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Choosing a “Cooperative” Business Structure

            The corporative business model may be one of the least familiar vehicles for selling products and services to American consumers. However, most of us have personally benefited from the goods sold by cooperatives throughout our lives, even if we didn’t realize it. In broad terms, “a cooperative is a business or organization owned by and operated for the benefit of those using its services."

            For example, a great many of us have purchased products from cooperatives like Welch Foods, Inc., (they produce grape jelly and many other items); Land O’Lakes agricultural products (you may have used their butter); or have bought various tools from Ace Hardware. You’ll often also find a few housing and food cooperatives in your area, depending upon the size of the population. Some credit unions are also run like cooperatives through the Farm Credit System that was established by Congress back in 1916.

            Many of these businesses are both highly successful and greatly prized in their communities.

            Here are some basic features of cooperatives that attract many entrepreneurs, as well as average citizen consumers/owners.

What Unique Business Traits Are Offered by Cooperatives?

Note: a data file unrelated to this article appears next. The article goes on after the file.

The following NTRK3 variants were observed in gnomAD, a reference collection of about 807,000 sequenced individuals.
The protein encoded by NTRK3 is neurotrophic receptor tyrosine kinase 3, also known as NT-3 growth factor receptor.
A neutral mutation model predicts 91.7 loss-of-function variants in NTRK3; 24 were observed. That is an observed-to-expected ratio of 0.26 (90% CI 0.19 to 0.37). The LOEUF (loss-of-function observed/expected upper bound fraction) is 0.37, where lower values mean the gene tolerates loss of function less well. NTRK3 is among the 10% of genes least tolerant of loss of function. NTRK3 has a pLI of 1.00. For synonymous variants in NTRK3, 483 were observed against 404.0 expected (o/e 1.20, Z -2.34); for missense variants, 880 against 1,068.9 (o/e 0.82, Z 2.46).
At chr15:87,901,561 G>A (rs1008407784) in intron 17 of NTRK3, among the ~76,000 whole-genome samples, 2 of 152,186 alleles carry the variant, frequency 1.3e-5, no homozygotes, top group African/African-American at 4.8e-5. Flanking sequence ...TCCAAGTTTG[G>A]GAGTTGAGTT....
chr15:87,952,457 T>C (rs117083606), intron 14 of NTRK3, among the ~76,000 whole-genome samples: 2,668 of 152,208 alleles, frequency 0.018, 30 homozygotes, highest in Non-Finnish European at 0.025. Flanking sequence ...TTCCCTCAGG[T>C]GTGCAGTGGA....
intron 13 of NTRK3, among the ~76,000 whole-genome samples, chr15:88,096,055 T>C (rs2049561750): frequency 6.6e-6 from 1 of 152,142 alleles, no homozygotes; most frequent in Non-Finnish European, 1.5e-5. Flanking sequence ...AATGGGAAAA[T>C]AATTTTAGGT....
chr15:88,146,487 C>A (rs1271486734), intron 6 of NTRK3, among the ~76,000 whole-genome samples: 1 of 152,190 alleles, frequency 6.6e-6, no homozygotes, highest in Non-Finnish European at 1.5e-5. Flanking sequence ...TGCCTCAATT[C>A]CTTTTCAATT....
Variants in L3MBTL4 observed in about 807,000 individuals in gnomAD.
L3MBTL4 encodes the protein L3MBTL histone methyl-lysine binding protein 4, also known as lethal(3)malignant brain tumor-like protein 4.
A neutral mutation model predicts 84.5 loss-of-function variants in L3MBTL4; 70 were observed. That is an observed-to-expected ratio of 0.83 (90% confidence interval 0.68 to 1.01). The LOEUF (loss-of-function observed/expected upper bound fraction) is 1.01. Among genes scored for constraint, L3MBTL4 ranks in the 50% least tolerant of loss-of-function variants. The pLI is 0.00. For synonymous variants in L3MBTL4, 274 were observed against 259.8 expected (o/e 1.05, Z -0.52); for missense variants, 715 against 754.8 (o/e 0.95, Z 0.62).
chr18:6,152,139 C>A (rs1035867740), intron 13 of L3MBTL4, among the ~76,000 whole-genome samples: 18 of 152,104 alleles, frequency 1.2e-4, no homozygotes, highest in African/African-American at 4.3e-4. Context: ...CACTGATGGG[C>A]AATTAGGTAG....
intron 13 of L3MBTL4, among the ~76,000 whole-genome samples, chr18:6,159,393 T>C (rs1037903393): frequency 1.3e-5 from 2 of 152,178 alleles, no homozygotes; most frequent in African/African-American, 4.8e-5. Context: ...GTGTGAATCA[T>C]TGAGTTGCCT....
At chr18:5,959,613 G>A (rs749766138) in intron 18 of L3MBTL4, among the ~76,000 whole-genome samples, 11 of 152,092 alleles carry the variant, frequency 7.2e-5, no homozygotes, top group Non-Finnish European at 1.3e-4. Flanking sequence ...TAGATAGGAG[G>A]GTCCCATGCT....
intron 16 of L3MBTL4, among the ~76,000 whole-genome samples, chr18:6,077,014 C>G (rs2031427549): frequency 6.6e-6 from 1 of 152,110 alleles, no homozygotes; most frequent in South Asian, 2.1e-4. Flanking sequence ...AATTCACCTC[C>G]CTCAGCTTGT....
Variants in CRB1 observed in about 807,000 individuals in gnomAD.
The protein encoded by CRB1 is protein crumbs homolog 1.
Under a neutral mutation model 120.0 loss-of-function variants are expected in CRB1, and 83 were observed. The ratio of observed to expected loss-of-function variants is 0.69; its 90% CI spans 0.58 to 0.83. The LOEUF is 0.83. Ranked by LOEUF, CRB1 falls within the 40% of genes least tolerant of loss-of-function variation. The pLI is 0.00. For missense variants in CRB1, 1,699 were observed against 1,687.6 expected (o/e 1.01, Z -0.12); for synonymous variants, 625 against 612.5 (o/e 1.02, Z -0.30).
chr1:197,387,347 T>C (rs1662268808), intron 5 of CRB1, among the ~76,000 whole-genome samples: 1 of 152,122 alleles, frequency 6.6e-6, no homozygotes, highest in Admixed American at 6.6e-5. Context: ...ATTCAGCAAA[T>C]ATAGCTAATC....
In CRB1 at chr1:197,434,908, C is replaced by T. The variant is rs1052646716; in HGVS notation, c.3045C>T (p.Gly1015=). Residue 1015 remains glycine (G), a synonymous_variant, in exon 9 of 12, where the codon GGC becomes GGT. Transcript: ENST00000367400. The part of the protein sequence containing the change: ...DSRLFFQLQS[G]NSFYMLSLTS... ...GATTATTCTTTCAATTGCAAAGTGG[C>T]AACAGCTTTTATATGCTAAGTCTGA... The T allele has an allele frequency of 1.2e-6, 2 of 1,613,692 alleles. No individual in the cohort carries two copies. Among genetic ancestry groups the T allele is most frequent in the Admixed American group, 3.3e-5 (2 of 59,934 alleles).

• Profits and earnings. The members (or users/owners) of a cooperative share in the profits and earnings of the cooperatives in which they financially participate;

  • Management structure. Most cooperatives have an elected board of directors and officers who run the business. Regular members of the cooperative have “voting power to control the direction of the cooperative;"

  • Membership.  You become a member of a cooperative by purchasing shares of it. Fortunately, the number of shares you own will not affect your voting rights;

  • Size.  Although a great many cooperatives service only local needs, some of them grow so large and successful that they wind up on the Fortune 500 list every year;
  • Common types of businesses. Cooperatives are most frequently established by those involved with agriculture, retail, healthcare, art, and restaurants – as well as financial and housing industries. However, you may frequently run across one addressing more singular or diverse needs than those just named;
  • They can be converted into corporations. Members have the option of setting up a corporative as a corporation. However, if a group chooses to do this, the rather rigid legal rules governing the set-up and proper management of a corporation will then apply.

Advantages and Disadvantages of Cooperatives

  • Many people appreciate the lower taxes that must be paid by cooperatives;

  • There are a number of government grant programs that provide funding for cooperatives;

  • Prices of goods can be kept low by buying large quantities of goods for the members;

  • They provide a more inclusive, democratic approach to running a business compared to many other structures;

  • Their main drawback usually involves raising new funds. This is why you often see cooperatives regularly trying to attract new members.

To obtain help with handling all of your Georgia business planning needs, please contact the Law Offices of Shane Smith today.  You can schedule your free initial consultation with a knowledgeable Peachtree City estate planning attorney by calling: (770) 487-8999.


Shane Smith
Advocate for the Seriously Injured in Georgia